These homemade pickles with habanero and garlic will change your view on pickles, regardless if you are an aficionado or merely tolerate these crunchy snacks. Store-bought pickles come in all sorts of flavors and varieties, but in my opinion, most don’t come close to the homemade version. These spicy pickles remind me of the “half sour” dill pickles we used to get at East Coast delis when I was younger.
We used habaneros to really spice up these pickles, but you can substitute a milder pepper if you can’t take the heat. Sliced jalapeños or Thai red peppers work quite well.
It’s important to note that habaneros, like any pepper, vary widely in the amount of spiciness (from capsacim). With this recipe, you’re better off with less rather than more.
If, after a day or two, you find things aren’t spicy enough, you can add more to the mixture and they’ll quickly make themselves known. It’s much more difficult to drop the heat level you find things too hot.
What type of cucumber do you need to make the perfect Pickle?
Technically, you can make pickles from any type of cucumber. But there is a difference between “slicing” cucumbers and “pickling” cucumbers.
The slicing variety are often larger and have thinner skins that don’t hold up quite as well in the vinegar liquid, and often lose their snappy texture. Pickling cucumbers are smaller, and have thicker flesh and skin that holds their crunch better. If you can find them, some pickling varieties such as the Boston Pickling Cucumber are seedless, making for a better final product.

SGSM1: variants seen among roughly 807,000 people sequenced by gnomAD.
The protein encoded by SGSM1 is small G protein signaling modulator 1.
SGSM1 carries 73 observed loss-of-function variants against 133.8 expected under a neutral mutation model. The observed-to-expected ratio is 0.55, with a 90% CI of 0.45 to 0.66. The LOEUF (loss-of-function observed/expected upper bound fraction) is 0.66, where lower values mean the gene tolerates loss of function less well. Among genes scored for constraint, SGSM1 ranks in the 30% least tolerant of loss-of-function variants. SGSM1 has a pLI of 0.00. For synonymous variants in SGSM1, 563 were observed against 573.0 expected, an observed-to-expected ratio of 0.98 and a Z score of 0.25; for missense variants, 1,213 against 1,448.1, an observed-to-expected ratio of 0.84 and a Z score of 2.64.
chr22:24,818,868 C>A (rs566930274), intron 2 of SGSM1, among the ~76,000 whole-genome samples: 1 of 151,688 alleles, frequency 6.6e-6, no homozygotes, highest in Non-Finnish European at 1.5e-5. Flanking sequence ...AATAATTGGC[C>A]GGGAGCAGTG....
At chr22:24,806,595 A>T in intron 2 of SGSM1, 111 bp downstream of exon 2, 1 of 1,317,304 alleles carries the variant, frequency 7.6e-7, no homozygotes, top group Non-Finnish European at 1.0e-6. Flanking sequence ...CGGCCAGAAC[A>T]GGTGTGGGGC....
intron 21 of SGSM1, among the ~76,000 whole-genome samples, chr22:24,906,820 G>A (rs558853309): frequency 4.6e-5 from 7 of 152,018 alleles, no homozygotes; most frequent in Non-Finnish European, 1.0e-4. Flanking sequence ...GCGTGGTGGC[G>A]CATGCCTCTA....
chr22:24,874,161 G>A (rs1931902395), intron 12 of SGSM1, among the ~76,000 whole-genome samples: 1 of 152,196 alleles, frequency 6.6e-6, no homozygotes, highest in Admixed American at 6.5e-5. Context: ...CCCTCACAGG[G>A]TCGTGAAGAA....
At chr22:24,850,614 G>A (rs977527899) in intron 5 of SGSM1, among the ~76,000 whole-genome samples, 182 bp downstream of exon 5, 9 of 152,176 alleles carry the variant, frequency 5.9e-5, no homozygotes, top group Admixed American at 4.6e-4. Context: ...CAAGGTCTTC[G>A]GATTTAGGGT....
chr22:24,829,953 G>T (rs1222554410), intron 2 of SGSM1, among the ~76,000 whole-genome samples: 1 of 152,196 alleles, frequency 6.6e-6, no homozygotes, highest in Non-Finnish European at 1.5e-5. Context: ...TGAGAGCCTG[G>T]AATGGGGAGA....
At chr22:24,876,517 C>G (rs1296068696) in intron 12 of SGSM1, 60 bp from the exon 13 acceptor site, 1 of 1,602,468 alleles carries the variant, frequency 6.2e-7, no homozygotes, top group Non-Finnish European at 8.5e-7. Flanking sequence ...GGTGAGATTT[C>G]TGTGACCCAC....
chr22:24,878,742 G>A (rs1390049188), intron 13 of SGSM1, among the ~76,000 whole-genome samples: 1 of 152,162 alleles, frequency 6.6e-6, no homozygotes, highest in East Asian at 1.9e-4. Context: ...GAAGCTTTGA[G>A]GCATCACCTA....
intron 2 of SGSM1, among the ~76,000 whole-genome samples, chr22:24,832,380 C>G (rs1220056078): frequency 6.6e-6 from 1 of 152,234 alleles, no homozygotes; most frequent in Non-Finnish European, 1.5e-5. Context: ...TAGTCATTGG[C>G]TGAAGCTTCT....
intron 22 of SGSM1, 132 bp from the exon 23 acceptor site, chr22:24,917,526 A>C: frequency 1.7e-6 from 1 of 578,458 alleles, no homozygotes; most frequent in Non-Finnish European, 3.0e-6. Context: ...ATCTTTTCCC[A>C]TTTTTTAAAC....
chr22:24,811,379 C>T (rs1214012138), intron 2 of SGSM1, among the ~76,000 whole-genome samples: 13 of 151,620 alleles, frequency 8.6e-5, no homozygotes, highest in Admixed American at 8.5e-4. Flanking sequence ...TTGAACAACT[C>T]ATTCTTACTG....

The age of the vegetable is also key. Older cucumbers will have tougher skin and the seeds will be larger and often bitter. Younger cukes will be sweeter with smaller seeds. Size is probably the best indicator of age – smaller ones will be younger.
If you can find them, fresh cucumbers from a farmers market or organic store are preferable. Supermarkets typically offer commercially-grown cucumbers that can have a wax coating, which can provide an unpleasant texture.
How do you like your pickles sliced? Whole, spears, rounds, or “stackers”?
Whole or spears are perfect if you are going to be eating these pickles on the side. But, if you’re like me, and want pickles on your sandwich or burger – medium to thin sliced is key. I like to make long-wise slices that give maximum coverage on the sandwich.
Refrigerator pickles vs. canned pickles
The recipe below is for refrigerator pickles – basically, the pickles must be refrigerated and will be safe to eat for about a month. If you want shelf-stable pickles, you can follow a canning process which will allow you to store the unopened jar for far longer on a pantry shelf. I find the heat of the canning process can partially cook the cucumbers, though, leading to a less crunchy result.
When you’ve demolished all these amazing spicy pickles, don’t empty the jar! You can reuse the pickling juice, just by adding more sliced cucumbers. In a day, you’ll have another batch. You can even branch out from cucumbers – green beans, cauliflower, and carrots are great in this magical mixture as well.
If you love pickles you might also enjoy this Pickled Red Onion recipe! Wonderful on Barbacoa Beef Tacos or Classic Mexican Cochinita Pibil (slow cooked pork).
Here are some additional condiment and salsa recipes you might enjoy!
Homemade Pickles with Habanero and Garlic
- 4 - 5 Pickling cucumbers
- 1 cup (250 ml) apple cider vinegar
- 1 cup (250 ml) white vinegar
- 2 cups (500 ml) water
- 3 tablespoons (50 g) salt
- 3 tablespoons (50 g) pickling spice
- 1/3 fresh habanero, sliced thinly
- 5 cloves of garlic, smashed